Annualized, and ignoring any seasonal variation, that comes out at €791.2 million ($840.9 million). Assuming Altice's FTTH investment takes place over a six-year period (from early 2017 until late 2022), the bottom end of Adtran's range would require the operator to spend $1.07 billion annually on broadband rollout.

Even if Altice were to connect only existing customers, rather than homes passed, it could face a bill of between $3.6 billion and $5.5 billion -- or between $600 million and $917 million a year. Optimum had 3.107 million HFC customers on its books at the end of September, while Suddenlink catered to 1.454 million.

Finding savings may not be that easy. While Altice does not break out details of costs, Suddenlink could already be considered the most profitable business that Altice owns, reporting an EBITDA margin of 46.4% in the July-to-September quarter. Optimum, conversely, was the least profitable, with an EBITDA margin of 35.8%. And so-called "synergies" between the two US businesses could offer scope for additional savings.

What's clear is that FTTH will cost a lot more than an upgrade to DOCSIS 3.1 that would include some fiber rollout. Adtran reckons the cost of this kind of deployment currently ranges from about $400 to $500 per home. That would require Altice to fork out between $3.2 billion and $4 billion to upgrade all homes passed.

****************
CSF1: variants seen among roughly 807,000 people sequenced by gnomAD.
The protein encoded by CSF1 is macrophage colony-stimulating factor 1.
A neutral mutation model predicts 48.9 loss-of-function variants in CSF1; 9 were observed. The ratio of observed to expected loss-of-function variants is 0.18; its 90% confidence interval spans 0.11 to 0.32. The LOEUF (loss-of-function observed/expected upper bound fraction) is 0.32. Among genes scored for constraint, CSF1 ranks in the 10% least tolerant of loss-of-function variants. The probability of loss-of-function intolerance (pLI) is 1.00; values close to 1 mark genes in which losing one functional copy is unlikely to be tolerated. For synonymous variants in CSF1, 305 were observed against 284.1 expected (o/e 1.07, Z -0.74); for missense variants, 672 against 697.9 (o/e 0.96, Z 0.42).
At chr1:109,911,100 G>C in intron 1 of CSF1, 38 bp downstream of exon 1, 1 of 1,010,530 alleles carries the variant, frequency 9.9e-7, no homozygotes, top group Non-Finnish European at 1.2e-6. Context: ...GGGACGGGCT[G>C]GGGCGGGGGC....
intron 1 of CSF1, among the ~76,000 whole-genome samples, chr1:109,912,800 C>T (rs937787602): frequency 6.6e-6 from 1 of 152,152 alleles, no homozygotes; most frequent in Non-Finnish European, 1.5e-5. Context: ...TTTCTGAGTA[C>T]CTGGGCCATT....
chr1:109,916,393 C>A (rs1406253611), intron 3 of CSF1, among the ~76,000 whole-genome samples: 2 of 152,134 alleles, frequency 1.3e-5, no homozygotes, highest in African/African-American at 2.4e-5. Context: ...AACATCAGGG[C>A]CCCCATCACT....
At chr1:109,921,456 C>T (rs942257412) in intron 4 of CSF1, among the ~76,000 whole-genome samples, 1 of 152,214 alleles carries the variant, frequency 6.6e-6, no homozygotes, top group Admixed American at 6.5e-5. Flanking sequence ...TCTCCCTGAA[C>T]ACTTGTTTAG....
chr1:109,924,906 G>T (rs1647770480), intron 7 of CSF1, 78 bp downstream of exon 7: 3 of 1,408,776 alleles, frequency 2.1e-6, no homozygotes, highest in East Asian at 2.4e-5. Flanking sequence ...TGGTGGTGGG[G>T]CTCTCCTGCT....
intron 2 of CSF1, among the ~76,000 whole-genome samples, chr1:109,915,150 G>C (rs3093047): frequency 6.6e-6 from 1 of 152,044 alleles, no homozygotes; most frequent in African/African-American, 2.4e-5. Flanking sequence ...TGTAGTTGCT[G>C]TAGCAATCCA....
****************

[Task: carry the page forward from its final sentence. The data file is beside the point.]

There are ways of lowering the FTTH bill, however. According to Adtran, several operators are now looking at technologies that could reduce fiber-trenching costs, leaving service providers with an FTTH bill of between $600 and $1,000 per home passed.

Another approach, it says, is to roll out DOCSIS 3.1 today and plan for a fiber upgrade in the next seven to ten years, on the assumption that very high-speed technologies are not urgently required.

The problem here, says the vendor, is that an operator would end up spending more than if it took the fiber plunge today. In the long run, Altice's decision may look like a shrewd one.

— Iain Morris, Circle me on Google+ Follow me on TwitterVisit my LinkedIn profile, News Editor, Light Reading

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About the Author(s)

Iain Morris

International Editor, Light Reading

Iain Morris joined Light Reading as News Editor at the start of 2015 -- and we mean, right at the start. His friends and family were still singing Auld Lang Syne as Iain started sourcing New Year's Eve UK mobile network congestion statistics. Prior to boosting Light Reading's UK-based editorial team numbers (he is based in London, south of the river), Iain was a successful freelance writer and editor who had been covering the telecoms sector for the past 15 years. His work has appeared in publications including The Economist (classy!) and The Observer, besides a variety of trade and business journals. He was previously the lead telecoms analyst for the Economist Intelligence Unit, and before that worked as a features editor at Telecommunications magazine. Iain started out in telecoms as an editor at consulting and market-research company Analysys (now Analysys Mason).